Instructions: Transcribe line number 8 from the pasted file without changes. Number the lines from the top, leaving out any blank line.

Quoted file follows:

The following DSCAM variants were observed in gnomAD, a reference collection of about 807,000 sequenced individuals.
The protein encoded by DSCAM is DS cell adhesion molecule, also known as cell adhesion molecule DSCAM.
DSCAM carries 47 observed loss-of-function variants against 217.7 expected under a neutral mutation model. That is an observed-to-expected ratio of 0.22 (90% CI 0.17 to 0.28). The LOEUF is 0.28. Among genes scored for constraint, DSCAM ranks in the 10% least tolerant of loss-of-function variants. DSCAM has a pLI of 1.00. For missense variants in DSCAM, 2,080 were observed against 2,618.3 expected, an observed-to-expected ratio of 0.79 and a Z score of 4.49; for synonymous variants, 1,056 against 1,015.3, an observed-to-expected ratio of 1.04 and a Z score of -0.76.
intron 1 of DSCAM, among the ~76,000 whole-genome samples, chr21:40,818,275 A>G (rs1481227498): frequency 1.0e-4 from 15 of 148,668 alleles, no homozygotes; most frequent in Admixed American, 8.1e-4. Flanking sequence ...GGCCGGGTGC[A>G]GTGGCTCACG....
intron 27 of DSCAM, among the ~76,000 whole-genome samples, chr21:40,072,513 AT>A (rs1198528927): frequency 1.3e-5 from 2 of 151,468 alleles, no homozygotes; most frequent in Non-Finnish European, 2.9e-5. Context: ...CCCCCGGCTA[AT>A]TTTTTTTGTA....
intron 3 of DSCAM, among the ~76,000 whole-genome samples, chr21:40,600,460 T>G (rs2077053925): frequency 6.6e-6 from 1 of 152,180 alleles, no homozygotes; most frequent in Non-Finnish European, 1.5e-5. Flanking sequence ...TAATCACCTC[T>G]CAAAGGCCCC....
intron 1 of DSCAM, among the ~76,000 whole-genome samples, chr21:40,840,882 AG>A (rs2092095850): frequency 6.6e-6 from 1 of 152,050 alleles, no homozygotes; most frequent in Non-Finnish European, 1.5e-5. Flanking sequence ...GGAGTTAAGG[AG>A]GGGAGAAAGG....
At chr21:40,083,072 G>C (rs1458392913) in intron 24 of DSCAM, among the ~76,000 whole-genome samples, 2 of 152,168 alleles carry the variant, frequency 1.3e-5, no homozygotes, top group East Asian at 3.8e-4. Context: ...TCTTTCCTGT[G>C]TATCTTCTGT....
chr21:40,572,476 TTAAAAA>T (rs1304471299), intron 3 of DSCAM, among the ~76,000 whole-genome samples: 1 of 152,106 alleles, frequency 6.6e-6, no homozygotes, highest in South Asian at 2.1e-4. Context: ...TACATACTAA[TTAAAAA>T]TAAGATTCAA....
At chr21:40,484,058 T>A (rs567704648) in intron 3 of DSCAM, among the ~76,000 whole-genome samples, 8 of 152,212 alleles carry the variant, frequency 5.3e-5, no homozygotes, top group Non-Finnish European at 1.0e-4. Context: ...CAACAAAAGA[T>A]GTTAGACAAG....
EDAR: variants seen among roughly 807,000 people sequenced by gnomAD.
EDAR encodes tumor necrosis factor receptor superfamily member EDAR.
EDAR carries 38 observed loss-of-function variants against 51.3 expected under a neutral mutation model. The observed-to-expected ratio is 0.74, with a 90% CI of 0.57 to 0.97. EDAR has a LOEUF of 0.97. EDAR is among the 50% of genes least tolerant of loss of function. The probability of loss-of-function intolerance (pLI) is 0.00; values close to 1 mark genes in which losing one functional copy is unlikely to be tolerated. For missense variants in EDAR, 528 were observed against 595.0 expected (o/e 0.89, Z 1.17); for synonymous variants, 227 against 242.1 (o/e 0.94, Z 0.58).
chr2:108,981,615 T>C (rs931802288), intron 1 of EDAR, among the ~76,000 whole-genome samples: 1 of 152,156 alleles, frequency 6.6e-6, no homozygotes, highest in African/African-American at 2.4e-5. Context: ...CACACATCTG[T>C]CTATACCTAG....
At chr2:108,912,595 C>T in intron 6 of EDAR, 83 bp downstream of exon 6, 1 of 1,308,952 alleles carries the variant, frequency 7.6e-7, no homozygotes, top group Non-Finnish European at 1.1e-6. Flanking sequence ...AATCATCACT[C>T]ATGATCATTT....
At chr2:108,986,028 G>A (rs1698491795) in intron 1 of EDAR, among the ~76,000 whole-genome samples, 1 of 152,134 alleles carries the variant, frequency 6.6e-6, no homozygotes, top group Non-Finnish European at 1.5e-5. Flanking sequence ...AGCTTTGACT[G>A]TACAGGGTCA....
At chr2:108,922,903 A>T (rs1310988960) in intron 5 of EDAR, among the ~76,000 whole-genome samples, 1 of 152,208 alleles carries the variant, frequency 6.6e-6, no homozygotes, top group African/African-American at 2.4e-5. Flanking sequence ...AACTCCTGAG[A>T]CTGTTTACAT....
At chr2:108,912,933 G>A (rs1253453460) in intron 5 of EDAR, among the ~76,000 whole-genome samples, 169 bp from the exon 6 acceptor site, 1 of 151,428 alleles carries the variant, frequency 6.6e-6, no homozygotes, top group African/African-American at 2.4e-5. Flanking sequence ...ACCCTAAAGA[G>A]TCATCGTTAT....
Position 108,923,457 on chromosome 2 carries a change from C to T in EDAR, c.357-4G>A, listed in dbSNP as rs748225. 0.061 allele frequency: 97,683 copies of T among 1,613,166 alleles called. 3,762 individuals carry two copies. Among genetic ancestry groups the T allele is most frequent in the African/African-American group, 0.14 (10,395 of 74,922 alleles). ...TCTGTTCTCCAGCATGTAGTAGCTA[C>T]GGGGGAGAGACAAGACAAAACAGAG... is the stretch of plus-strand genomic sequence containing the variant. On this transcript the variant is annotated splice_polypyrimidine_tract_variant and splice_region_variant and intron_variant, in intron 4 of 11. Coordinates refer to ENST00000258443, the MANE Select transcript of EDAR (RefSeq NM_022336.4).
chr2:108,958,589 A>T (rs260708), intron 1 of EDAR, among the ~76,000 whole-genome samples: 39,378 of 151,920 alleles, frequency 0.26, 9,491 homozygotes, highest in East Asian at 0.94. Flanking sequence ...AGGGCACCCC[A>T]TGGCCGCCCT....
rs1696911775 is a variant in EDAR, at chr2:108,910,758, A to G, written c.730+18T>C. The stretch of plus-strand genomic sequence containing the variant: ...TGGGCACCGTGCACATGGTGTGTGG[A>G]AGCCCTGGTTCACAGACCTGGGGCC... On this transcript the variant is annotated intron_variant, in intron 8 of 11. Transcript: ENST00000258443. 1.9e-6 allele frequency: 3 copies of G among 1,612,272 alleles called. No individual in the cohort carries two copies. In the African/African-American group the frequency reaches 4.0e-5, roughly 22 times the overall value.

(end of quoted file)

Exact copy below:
At chr21:40,083,072 G>C (rs1458392913) in intron 24 of DSCAM, among the ~76,000 whole-genome samples, 2 of 152,168 alleles carry the variant, frequency 1.3e-5, no homozygotes, top group East Asian at 3.8e-4. Context: ...TCTTTCCTGT[G>C]TATCTTCTGT....